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Timo de Rijk appointed to new chair in Design, Culture & Society

Leiden University and Delft University of Technology will start the joint new chair Design, Culture & Society as of 1 September 2013. 

By Gabrielle Kennedy / 12-09-2013

Timo de Rijk (1963) has been appointed full professor of the new Design, Culture & Society chair between Delft University of Technology and Leiden University. His teaching and research will comprise the study of the historical and cultural significance of design. De Rijk will provide education to both students of Industrial Design Engineering and Art History.

This of course means De Rijk will no longer be Premsela Professor of Design Cultures at the VU University in Amsterdam – that role was taken over this September by Grace Lees-Maffei.

De Rijk started Design Cultures and says that it now attracts over 30 Masters’ students with a specialization.  “I think Grace being from the UK will make it more international,” he says, “but the content will stay more or less the same with the focus on contemporary design practice and theory.”

The new course at Leiden will do something similar but will combine design, art and art history with De Rijk as a sort of mediator.

“Delft has always been a place where industrial designers have been trained, and Leiden produces art historians,” explains De Rijk.  “Now we will combine modern design, architecture and decorative art in one.  The audiences are different, but there is an overlap and I think what we will offer will match both. It is a first for the Netherlands.”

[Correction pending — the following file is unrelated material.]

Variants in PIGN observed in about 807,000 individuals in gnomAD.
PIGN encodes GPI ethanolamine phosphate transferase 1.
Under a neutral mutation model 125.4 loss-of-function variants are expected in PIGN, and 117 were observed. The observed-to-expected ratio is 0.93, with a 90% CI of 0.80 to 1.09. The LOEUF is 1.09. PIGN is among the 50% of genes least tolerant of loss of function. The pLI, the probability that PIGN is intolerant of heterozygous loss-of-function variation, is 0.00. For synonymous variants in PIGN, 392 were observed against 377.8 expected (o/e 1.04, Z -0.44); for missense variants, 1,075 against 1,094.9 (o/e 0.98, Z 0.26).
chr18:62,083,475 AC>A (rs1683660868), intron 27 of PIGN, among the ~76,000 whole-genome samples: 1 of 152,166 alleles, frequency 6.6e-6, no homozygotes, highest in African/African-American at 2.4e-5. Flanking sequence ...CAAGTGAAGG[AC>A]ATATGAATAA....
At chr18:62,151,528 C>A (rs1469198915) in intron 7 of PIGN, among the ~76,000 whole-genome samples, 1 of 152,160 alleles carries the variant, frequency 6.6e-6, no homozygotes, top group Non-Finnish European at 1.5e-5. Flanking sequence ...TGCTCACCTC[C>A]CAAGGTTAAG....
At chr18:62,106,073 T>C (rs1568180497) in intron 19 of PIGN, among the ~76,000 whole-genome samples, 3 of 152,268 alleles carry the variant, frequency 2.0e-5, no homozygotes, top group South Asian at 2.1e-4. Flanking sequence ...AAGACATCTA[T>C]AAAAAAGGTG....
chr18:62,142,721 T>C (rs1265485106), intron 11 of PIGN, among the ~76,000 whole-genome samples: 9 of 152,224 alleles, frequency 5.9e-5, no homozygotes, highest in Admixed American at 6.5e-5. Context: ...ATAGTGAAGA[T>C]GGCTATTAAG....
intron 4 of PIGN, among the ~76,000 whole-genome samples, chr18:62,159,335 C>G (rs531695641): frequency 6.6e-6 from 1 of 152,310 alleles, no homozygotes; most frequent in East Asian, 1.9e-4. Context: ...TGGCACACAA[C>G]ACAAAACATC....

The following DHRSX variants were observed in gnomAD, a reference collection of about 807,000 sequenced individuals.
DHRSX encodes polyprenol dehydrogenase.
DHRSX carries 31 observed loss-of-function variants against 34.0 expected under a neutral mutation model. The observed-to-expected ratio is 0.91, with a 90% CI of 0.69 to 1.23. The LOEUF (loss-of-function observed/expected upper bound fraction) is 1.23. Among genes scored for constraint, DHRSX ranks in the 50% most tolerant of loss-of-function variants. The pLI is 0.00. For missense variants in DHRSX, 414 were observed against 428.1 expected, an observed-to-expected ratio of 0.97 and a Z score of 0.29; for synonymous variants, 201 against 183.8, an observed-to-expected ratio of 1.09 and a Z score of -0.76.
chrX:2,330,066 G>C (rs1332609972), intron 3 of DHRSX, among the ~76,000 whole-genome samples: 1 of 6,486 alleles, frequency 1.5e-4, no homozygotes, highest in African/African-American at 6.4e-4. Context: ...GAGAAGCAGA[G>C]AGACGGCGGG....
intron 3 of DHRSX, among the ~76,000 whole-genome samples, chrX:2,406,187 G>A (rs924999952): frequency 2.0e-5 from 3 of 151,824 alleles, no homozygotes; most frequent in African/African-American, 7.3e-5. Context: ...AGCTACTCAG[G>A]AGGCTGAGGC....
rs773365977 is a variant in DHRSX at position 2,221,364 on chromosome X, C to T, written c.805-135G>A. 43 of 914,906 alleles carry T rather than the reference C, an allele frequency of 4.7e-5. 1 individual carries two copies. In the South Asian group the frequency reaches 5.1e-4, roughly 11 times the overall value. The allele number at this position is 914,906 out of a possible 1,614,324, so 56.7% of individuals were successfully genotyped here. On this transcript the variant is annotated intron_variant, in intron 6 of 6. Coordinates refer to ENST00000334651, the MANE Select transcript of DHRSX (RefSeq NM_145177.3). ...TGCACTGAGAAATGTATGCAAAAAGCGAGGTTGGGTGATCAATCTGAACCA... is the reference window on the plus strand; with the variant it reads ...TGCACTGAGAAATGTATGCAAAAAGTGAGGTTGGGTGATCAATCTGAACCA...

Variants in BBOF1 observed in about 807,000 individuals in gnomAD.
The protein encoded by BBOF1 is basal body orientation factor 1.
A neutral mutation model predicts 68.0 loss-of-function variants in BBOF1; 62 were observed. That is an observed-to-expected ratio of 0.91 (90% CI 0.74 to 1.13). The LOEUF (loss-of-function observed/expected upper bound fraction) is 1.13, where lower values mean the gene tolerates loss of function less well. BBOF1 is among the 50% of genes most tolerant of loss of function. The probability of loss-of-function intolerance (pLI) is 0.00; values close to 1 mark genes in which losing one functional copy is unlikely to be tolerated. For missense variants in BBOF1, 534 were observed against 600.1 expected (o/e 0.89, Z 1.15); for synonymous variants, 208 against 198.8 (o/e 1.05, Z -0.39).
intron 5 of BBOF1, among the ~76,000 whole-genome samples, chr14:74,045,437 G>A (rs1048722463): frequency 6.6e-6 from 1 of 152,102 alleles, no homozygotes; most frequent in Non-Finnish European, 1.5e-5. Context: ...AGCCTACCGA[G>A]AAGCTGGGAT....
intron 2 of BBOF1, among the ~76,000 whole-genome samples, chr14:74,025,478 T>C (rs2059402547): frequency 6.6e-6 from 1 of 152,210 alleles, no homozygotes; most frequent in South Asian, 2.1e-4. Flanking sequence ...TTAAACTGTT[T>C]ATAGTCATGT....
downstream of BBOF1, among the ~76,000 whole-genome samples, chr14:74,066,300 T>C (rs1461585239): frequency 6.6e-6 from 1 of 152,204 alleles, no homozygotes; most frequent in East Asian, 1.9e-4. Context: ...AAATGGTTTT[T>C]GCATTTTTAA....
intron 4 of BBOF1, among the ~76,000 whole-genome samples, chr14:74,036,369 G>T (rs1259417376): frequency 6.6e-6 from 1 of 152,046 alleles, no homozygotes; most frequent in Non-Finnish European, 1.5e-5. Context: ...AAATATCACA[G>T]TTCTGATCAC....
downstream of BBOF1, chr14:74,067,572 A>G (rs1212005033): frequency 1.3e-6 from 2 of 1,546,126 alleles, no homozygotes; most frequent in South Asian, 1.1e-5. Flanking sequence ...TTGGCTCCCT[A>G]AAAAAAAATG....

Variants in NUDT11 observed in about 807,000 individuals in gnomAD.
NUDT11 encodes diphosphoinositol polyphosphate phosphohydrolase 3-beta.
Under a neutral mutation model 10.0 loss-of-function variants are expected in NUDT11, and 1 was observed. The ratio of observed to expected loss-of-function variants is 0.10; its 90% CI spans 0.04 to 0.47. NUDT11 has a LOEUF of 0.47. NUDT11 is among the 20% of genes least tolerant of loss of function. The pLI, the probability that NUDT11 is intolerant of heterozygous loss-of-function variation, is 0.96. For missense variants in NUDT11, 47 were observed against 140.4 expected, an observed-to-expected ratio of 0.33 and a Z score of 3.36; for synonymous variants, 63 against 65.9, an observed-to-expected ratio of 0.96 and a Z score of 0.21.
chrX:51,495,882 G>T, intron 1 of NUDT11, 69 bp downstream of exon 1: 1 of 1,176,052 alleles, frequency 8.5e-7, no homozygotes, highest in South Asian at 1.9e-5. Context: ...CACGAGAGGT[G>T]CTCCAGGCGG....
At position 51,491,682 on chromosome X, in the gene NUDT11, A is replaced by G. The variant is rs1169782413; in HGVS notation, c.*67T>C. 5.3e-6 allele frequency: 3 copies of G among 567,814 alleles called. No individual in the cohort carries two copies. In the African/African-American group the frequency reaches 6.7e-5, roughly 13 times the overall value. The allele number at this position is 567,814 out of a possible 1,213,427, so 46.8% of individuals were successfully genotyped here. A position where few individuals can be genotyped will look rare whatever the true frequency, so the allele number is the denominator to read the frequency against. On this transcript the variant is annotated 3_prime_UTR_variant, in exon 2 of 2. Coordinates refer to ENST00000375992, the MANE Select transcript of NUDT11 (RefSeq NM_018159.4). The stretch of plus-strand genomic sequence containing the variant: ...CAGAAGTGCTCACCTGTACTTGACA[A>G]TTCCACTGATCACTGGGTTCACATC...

And it is a necessary move.  Students in Delft are simply not taught enough about history and in Leiden they acquire no practical knowhow.  “You don’t just study history to become a historian,” says De Rijk, “it is about better understanding the profession and being aware of the current discourse.  Every designer needs to be a part of that.  It makes them more self-aware.” De Rijk is editor-in-chief of the Dutch Design Yearbook and chairman of the Association of Dutch Designers (BNO).

De Rijk feels that the widespread cultural funding cuts gives the BNO and The New Institute (’s backers) a cleaner relationship making it possible to establish more mutual understanding.

“The New Institute starts with a cultural perspective and the BNO is service oriented and about the actual designers,” he says.  “They need each other.”